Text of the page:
“Aaj bazaar mein pa ba jaulan chalo” (“Let us walk with fetters in the street”) which has a rather fascinating incident associated with it.
It is said that when Faiz was being taken from the jail in Lahore, in chains, to a dentist’s office in a horse cart (tonga) through the familiar streets, people recognized him and began following his tonga.
Chashm e nam jaan e shorida kaafi nahin
Tohmat e ishq e poshida kaafi nahin..
Tearful eyes and a restless soul are sadly not enough. Being charged for concealing love is also not enough, he wrote.

Another glittering gem of a poem, Zindaan ki Ek Shaam has been exquisitely translated by Agha Shahid Ali.

Shaam ke pecho-kham sitaron se
Zeena-zeena utar rahi hai raat
Yun saba paas se guzarti hai
Jaise keh di kisi ne pyaar ki baat.
Sahne-zindan ke be-vatan ashjar

Sar-nigun mahw hain banane mein
Daman-e-aasman pe naqsh-o-nigaar.
Shaan-e-baam par damakta hai
Meherban chandni ka dast-e-jameel
Khaak mein dhul gayi hai aab-e-nujoom
Noor mein dhul gaya hai arsh ka neel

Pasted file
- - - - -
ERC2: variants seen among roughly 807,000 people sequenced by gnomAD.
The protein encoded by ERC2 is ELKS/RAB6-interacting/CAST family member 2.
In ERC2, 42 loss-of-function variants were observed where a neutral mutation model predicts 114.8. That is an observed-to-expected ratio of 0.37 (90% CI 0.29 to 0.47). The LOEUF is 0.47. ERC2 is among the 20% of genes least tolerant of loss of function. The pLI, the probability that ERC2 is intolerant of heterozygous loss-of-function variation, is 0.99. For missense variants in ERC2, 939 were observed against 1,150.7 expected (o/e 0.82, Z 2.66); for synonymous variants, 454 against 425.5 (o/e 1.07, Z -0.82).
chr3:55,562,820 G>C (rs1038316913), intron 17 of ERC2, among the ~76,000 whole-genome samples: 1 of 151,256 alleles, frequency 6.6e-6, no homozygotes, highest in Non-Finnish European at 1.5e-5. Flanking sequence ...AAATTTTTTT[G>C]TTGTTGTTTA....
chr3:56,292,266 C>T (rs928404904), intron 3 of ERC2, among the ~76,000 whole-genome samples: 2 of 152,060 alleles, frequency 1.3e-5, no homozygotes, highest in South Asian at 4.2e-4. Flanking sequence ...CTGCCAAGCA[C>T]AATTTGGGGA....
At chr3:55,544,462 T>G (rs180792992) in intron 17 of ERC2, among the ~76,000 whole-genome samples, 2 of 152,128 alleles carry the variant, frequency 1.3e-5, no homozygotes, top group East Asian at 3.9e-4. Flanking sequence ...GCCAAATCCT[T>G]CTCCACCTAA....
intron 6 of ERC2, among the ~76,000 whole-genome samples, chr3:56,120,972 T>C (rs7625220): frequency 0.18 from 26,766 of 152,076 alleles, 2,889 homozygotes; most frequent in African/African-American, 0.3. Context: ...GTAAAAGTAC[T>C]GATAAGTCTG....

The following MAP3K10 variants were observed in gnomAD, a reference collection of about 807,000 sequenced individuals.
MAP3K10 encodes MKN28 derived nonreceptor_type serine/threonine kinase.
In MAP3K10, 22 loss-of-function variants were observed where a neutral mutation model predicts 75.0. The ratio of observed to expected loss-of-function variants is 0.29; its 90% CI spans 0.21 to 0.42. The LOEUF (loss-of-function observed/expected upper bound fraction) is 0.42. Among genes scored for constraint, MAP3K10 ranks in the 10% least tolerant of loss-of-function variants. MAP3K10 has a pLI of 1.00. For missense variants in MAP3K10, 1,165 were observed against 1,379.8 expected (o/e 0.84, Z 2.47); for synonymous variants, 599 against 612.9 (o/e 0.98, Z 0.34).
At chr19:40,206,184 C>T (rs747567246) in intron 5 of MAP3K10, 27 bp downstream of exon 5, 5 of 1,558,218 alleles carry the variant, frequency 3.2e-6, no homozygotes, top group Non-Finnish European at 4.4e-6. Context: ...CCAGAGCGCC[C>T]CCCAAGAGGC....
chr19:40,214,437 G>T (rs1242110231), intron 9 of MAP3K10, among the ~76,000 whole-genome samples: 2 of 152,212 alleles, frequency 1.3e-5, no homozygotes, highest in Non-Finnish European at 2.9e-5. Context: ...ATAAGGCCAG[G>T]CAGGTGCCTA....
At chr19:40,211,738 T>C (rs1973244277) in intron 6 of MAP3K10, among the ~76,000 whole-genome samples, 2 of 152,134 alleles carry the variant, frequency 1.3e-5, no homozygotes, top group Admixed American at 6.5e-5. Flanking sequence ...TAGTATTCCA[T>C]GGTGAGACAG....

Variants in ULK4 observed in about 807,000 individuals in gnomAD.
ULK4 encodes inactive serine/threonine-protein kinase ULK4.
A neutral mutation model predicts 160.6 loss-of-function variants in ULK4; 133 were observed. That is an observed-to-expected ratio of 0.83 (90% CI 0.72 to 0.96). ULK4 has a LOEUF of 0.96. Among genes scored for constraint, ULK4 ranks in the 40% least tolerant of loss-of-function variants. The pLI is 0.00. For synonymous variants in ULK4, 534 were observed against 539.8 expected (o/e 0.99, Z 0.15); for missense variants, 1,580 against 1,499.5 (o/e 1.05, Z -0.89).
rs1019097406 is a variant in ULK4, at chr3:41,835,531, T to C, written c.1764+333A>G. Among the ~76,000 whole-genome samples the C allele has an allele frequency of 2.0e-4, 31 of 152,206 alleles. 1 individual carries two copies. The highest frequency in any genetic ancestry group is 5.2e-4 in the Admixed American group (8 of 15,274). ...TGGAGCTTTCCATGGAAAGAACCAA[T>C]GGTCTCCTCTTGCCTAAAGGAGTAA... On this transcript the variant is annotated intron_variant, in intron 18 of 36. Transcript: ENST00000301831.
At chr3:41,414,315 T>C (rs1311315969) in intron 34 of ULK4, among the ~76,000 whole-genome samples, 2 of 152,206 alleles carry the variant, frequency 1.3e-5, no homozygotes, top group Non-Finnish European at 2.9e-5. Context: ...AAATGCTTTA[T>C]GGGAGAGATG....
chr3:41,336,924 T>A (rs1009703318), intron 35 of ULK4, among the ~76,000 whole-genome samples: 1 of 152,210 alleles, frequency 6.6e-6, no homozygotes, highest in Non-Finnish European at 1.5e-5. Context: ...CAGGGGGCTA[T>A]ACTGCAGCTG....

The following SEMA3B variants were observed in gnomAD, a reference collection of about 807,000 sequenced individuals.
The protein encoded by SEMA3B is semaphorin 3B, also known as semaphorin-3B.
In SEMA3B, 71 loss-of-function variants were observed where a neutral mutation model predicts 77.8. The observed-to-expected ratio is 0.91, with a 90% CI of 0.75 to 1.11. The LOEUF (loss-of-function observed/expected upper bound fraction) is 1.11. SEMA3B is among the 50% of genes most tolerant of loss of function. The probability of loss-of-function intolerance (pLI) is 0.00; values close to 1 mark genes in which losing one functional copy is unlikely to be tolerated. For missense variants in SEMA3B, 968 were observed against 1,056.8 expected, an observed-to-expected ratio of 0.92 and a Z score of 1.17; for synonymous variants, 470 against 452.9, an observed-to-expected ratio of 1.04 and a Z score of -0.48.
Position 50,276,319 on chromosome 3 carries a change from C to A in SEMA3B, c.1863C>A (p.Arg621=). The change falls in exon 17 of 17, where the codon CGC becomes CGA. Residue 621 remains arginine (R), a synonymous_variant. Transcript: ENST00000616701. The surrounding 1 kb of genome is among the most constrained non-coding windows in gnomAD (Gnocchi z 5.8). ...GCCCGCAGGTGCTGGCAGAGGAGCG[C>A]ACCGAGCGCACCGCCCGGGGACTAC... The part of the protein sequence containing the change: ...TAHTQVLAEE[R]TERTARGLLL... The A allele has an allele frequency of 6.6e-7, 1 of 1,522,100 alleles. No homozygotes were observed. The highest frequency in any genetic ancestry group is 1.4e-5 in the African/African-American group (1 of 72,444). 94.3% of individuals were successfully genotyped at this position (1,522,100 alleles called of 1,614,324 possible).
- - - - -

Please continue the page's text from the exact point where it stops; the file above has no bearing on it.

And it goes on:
Sabz goshon mein nil-gun saaye
Lahlahate hain jis tarah dil mein
Mauj-e-dard-e-firaq-e-yaar aaye.

Dil se paiham khayal kahta hai
Itni shireen hai zindagi is pal
Zulm ka zahar gholne wale
Kamran ho sakenge aaj na kal
Jalva gaah e-visaal ki shamein
Vo bujha bhi chuke agar to kya
Chand ko gul karen to hum jaane.

A Prison Evening trancreated by Agha Shahid Ali proceeds as follows:

Stars spiral into the evening –
staircase the night descends –
and the wind comes near, then passes,
as though someone spoke of love.
In the courtyard, the trees are exiles
who keep themselves busy
embroidering the sky.
The roof shines; the moon
scatters light with generous hands;

the glory of the stars mingles with dust
and light polishes the blue sky silver.
In every corner shadows ebb and advance,
as though the heart were lifted

by a wave of separation.
This is the thought the heart returns to:
that life, in this moment, is sweet.
Let tyrants prepare their poisons,
they will never succeed.
They may snuff out the lamps
in the rooms of lovers,
but can they extinguish the moon?

“Going to Jail”, Faiz once famously said, “was like falling in love once again”.
And lest we forget, very few poets express love in its myriad mysterious, mystical and mesmerizing moods as Faiz Ahmed Faiz.

Raat yun dil mein teri khoyi hui yaad aayi
Jaise veerane mein chupke se bahaar aa jaaye
Jaise saharaon mein haule se chale baad e naseem

Jaise beemar ko bewajah qaraar aa jaaye

Translated by Vikram Seth it reads:

Last night your faded memory came to me
As in the wilderness spring comes quietly,
As, slowly, in the desert, moves the breeze,
As, to a sick man, without cause, comes peace.
Other iconic poems such as Raqib se, Rang Dil Ka Hai Mere and Mujh se pehli si mohabbat Mere Mehboob na Maang have attained almost cult status in the hearts and minds of his followers.